Advance Vote
Sunday, January 10, 2021 10 a.m. to 6 p.m.

 

During the Advance Vote – Friday, January 8 to Sunday, January 10 – from 10 a.m. to 6 p.m.

Electors can vote at either location:

L’Amoreaux Community Centre, Park Lane

2000 McNicoll Ave

Preferred Entrance:    Main Doors

Accessible Entrance:  Same as Preferred

A Voter Assist Terminal will be located here.

Click here for map and details

Stephen Leacock Seniors Community Centre, Main Hall

2520 Birchmount Road

Preferred Entrance:      Main Doors

Accessible Entrance:    Same as Preferred

A Voter Assist Terminal will be located here.

Click here for map and details

On Election Day – Friday, January 15 from 10 a.m. to 8 p.m.

Electors can find their assigned voting place by using MyVote or by calling 311.

Appoint a Voting Proxy

If you are unable to vote for any reason on any of the available voting days you may appoint another eligible elector to vote on your behalf.

You can request a Voting Proxy Application by emailing elections@toronto.ca or by calling 311.

Under section 44 of the Municipal Elections Act, 1996 an elector may act on behalf of:

  • one other eligible elector who is not a relative, or
  • one or more eligible electors who are relatives, using separate proxy forms for each.

Note:

  • a relative means the parent, grandparent, child, grandchild, brother, sister or spouse of the elector appointed.
  • the Voting Proxy Appointment form is a public record and the copy on file with the Clerk may be inspected by any person.
  • a person acting as executor or trustee or in any other representative capacity is still required to obtain a proxy certificate.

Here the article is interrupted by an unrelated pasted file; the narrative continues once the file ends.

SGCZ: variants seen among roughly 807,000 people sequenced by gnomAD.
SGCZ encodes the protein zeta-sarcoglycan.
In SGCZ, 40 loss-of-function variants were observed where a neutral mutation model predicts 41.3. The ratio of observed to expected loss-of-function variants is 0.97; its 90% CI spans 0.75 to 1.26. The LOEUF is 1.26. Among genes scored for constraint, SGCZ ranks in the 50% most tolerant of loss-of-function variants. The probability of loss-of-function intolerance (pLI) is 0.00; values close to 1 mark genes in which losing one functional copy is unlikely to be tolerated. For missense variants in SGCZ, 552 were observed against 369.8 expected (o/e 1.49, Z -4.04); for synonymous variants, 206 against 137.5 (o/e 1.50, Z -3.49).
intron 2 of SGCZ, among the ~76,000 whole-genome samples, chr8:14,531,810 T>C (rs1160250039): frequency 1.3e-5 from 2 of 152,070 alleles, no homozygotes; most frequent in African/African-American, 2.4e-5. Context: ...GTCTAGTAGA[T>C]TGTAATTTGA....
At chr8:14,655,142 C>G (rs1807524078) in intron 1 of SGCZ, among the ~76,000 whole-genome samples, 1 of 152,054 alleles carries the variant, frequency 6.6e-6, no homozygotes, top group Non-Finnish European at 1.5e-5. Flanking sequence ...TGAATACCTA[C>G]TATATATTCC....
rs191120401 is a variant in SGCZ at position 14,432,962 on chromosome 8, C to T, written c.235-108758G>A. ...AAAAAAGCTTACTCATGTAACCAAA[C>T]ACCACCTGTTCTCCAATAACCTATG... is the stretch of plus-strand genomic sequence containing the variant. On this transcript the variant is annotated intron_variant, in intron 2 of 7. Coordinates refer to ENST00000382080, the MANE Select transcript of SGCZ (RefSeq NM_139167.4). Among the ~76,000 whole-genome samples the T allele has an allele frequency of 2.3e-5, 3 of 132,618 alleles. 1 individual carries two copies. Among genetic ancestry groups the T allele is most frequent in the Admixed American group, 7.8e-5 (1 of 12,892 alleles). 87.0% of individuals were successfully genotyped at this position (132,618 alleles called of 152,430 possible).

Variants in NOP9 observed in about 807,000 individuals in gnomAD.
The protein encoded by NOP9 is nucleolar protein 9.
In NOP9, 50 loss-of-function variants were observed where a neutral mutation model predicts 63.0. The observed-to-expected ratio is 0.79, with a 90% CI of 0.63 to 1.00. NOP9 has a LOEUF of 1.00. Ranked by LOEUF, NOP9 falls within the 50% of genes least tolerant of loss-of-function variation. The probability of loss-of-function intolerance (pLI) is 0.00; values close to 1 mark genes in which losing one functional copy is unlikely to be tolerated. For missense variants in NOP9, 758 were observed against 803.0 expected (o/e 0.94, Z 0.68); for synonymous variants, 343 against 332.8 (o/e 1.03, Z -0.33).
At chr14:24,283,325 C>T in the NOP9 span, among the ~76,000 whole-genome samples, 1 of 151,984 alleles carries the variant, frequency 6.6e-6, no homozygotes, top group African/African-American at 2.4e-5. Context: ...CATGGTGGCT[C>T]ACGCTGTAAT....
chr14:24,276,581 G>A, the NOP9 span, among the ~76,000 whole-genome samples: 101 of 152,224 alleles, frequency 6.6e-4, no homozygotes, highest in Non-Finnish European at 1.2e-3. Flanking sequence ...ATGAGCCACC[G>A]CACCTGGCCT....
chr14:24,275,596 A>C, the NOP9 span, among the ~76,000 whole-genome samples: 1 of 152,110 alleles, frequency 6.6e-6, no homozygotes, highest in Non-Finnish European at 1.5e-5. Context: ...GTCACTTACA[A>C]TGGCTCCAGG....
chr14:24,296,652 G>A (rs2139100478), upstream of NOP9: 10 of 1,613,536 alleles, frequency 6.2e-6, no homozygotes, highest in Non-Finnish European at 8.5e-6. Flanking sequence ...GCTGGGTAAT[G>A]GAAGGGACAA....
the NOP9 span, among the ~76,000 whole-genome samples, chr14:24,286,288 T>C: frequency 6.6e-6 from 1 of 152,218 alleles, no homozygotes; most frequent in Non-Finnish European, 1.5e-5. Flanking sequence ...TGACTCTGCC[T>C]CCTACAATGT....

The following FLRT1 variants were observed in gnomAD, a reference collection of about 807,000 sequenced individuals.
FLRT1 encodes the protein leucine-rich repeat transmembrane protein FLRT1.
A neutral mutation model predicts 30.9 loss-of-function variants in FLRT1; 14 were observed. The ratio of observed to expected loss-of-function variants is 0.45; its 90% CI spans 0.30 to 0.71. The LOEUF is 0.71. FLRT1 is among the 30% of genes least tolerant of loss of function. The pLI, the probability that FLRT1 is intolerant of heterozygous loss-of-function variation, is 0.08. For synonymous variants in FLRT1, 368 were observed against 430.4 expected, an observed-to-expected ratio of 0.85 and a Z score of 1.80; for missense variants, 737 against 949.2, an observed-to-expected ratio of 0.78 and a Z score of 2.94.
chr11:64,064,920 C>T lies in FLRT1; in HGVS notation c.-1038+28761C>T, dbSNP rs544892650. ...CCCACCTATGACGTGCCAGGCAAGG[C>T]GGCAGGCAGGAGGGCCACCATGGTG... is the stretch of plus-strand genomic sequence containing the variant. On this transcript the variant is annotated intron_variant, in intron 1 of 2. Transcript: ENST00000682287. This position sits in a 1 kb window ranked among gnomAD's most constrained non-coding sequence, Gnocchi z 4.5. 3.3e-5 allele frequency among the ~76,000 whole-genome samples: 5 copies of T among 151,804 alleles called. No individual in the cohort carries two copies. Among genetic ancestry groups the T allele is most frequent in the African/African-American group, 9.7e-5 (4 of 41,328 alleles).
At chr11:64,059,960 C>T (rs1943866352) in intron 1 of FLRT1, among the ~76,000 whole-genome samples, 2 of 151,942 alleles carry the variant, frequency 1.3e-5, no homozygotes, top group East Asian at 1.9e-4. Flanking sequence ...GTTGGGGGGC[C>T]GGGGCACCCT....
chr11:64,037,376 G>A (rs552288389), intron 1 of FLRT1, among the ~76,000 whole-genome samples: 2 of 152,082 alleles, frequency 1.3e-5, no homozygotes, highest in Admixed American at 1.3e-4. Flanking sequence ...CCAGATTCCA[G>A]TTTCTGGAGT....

Once you receive the proxy appointment form, you must:

    • complete all the information
    • sign it
    • provide identification (photocopies are acceptable), and
    • tell your proxy who you wish to vote for.

Your Voting Proxy must:

  • present the Voting Proxy Appointment form in person for certification along with identification of both the elector making the appointment (photocopies acceptable) and the elector appointed as the proxy (original copies).  Certification of Voting Proxy Application forms will be done at 89 Northline Rd and by appointment only:
    • during regular business hours – Monday to Friday 8:30 a.m to 4:30 p.m.
    • during the Advance Vote on Friday, January 8, Saturday, January 9 and Sunday, January 10, 2021 between the hours of noon and 5 p.m.
    • on Election Day, Friday January 15, 2021 between the hours of 8:30 a.m. and 4:30 p.m.
  • Email elections@toronto.ca to book an appointment.

It is very important to remember that the Voting Proxy Appointment form must have signatures from both you and the person you appoint as proxy in order for the City Clerk or designate to certify the form.